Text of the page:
03/01/2012 11:07 am ET Updated Dec 06, 2017

A Garbage Story

On February 28, CBS aired a story they received from my opponent for committeeman (as confirmed by the CBS producer), that, among other things, accused me of having "campaign" signs on garbage cans that don't have proper permits.


Last June, I met with executives from Free Green Can, a company that has a contract with the Chicago Park District for 2,000 cans in our city's parks (this "background" information was left out by CBS). The executives were interested in expanding the program to the neighborhoods and wanted to run a pilot program in Wicker Park.

I jumped at the opportunity to have these curbside garbage and recycling containers, which wouldn't cost Chicago taxpayers a penny, installed in the 1st Ward. The company collects the trash and recycling and maintains the cans. Just to reiterate -- these cans are installed, maintained and picked up at zero cost to taxpayers and provides on-street recycling, which currently does not exist.

Twenty of these cans were installed in Wicker Park last September and I held a ribbon-cutting ceremony. I invited all Chicago-area press, including CBS, who chose not to report this story. Since September, the feedback I've received about these cans has been overwhelmingly positive. Any time there was graffiti on one of these cans, it was gone within 24 hours. More importantly, I've never seen these cans overflow and 1st Ward residents, community groups and SSAs are all in favor of expanding the program. I instructed Free Green Can to get the proper public way permits and it's my understanding that they are in this process. Obviously, we have rules for businesses and they have to be followed.

Two days ago, we received a call from a CBS producer who wanted to know why my picture was on these twenty cans. He described it as a "campaign" advertisement, which is prohibited in the public way. I fundamentally refute this description of the advertisement, which was designed to show my support for this innovative product. These advertisements were designed to be a form of outreach to let the 1st Ward constituency know that my office is here to be a useful resource.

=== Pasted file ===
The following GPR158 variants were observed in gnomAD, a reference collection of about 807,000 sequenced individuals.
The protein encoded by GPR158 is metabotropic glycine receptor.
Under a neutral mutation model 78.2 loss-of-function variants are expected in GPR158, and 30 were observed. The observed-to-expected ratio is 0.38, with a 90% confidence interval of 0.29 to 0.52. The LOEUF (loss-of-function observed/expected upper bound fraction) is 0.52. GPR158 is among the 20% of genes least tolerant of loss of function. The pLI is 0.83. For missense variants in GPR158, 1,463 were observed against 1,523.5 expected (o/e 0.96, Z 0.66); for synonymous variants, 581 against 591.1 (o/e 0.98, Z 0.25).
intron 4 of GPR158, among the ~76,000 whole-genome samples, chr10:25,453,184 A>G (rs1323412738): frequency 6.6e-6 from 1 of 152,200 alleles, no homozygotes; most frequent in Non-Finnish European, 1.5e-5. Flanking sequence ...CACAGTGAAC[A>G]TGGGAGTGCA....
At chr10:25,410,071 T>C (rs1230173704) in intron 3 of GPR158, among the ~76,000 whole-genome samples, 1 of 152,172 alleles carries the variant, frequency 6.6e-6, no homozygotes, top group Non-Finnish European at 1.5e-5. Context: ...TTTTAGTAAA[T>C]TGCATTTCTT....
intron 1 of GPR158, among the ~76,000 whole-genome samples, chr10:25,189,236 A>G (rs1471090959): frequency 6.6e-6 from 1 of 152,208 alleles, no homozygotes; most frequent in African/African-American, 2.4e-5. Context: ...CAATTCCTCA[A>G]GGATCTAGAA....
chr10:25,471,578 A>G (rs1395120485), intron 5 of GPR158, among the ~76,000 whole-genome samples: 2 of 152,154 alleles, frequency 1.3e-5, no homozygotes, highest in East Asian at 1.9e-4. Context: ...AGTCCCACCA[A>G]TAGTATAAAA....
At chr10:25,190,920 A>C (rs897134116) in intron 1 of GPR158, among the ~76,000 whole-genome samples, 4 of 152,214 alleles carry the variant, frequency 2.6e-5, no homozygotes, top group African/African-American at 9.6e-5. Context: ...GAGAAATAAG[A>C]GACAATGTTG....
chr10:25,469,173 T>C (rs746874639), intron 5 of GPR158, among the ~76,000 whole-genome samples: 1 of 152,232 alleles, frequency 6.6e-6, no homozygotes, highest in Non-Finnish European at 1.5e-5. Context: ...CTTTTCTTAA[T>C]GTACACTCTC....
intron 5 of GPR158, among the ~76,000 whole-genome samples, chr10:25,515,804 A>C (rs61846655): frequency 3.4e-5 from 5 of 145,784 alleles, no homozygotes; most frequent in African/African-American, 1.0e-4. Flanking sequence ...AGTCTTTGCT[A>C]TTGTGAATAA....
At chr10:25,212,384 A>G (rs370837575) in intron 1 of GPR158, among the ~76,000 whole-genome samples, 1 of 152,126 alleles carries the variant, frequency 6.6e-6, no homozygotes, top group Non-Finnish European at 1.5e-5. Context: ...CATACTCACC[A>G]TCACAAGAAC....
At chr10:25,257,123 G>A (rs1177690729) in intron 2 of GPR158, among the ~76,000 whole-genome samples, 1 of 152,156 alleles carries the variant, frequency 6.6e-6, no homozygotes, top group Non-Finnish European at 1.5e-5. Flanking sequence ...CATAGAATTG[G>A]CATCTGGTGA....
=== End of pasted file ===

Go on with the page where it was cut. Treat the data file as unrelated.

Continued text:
Why CBS insists these ads are political is beyond me (well, not really, but I'll get into that later) -- nothing on them says "vote for me, etc." These ads give the contact information to my city service office. I'm constantly trying to get the word out that my office is a there for anyone to come for help with anything.

Regardless of their obvious inconsistency (accusing me of playing politics, when they got this story from my political opponent), CBS decided to throw out this sloppy story, full of accusations about my motivations. Evidently, they thought it more compelling to have their reporter stake out a company executive, instead of reporting facts about my intention, the community's opinion and other aldermanic support (the program operated by Free Green Can is supported by 14 other aldermen).

Immediately after they spoke to my campaign opponent, the video cuts to Streets and Sanitation workers collecting trash from "big-belly" bins, which are installed downtown (mostly around City Hall). These trash cans cost taxpayers $6,200 a piece, not including the continuous cost of labor to pick the trash up every time they are full. Regardless of their exorbitant expense, these receptacles have many issues, and do you think for one second that these expensive and problematic containers would be installed anywhere but downtown -- in Wicker Park or Englewood?

I learned earlier that the company has decided to pull the cans out of the 1st Ward and the CEO went on CBS last night to announce this. I understand why they have decided this and support their decision. Hopefully, this sparks a discussion about curbside trash and recycling collection in our city; a discussion that has been getting bogged down by bureaucracy for at least three years.

Free Green Can is an innovative company and the neighborhood, which I have the honor to represent, is the most innovative and unique part of our great, but bureaucracy-laden, city. I've used political funds (and my own money) to plow streets and alleys during the blizzard of 2011, to remove graffiti and to fill potholes in the 1st Ward. If the city can't adequately provide these basic city services for my community, I will. As long as I am alderman, I will continue to look for innovative solutions to the problems we face.